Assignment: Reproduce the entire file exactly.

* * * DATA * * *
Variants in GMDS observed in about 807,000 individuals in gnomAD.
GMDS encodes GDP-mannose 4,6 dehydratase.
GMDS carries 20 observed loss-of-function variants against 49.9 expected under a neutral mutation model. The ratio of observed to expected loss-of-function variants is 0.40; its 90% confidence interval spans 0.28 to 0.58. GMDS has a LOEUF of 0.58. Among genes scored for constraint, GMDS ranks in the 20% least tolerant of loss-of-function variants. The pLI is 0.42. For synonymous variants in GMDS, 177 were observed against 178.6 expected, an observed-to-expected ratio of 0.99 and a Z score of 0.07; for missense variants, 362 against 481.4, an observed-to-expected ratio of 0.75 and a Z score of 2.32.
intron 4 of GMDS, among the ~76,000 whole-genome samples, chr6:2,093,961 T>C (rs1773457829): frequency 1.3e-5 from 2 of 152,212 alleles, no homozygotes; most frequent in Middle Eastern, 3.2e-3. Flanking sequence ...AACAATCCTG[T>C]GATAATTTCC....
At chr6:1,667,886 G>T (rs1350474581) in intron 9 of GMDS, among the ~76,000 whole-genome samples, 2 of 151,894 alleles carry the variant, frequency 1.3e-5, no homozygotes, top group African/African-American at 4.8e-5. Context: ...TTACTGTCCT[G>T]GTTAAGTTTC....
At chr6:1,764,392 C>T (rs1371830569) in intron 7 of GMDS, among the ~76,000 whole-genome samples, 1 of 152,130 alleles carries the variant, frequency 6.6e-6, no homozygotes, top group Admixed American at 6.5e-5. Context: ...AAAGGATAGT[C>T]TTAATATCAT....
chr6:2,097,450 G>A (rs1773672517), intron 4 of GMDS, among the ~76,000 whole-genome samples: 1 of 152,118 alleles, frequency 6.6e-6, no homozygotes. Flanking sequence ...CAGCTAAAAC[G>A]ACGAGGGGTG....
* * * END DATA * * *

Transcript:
Variants in GMDS observed in about 807,000 individuals in gnomAD.
GMDS encodes GDP-mannose 4,6 dehydratase.
GMDS carries 20 observed loss-of-function variants against 49.9 expected under a neutral mutation model. The ratio of observed to expected loss-of-function variants is 0.40; its 90% confidence interval spans 0.28 to 0.58. GMDS has a LOEUF of 0.58. Among genes scored for constraint, GMDS ranks in the 20% least tolerant of loss-of-function variants. The pLI is 0.42. For synonymous variants in GMDS, 177 were observed against 178.6 expected, an observed-to-expected ratio of 0.99 and a Z score of 0.07; for missense variants, 362 against 481.4, an observed-to-expected ratio of 0.75 and a Z score of 2.32.
intron 4 of GMDS, among the ~76,000 whole-genome samples, chr6:2,093,961 T>C (rs1773457829): frequency 1.3e-5 from 2 of 152,212 alleles, no homozygotes; most frequent in Middle Eastern, 3.2e-3. Flanking sequence ...AACAATCCTG[T>C]GATAATTTCC....
At chr6:1,667,886 G>T (rs1350474581) in intron 9 of GMDS, among the ~76,000 whole-genome samples, 2 of 151,894 alleles carry the variant, frequency 1.3e-5, no homozygotes, top group African/African-American at 4.8e-5. Context: ...TTACTGTCCT[G>T]GTTAAGTTTC....
At chr6:1,764,392 C>T (rs1371830569) in intron 7 of GMDS, among the ~76,000 whole-genome samples, 1 of 152,130 alleles carries the variant, frequency 6.6e-6, no homozygotes, top group Admixed American at 6.5e-5. Context: ...AAAGGATAGT[C>T]TTAATATCAT....
chr6:2,097,450 G>A (rs1773672517), intron 4 of GMDS, among the ~76,000 whole-genome samples: 1 of 152,118 alleles, frequency 6.6e-6, no homozygotes. Flanking sequence ...CAGCTAAAAC[G>A]ACGAGGGGTG....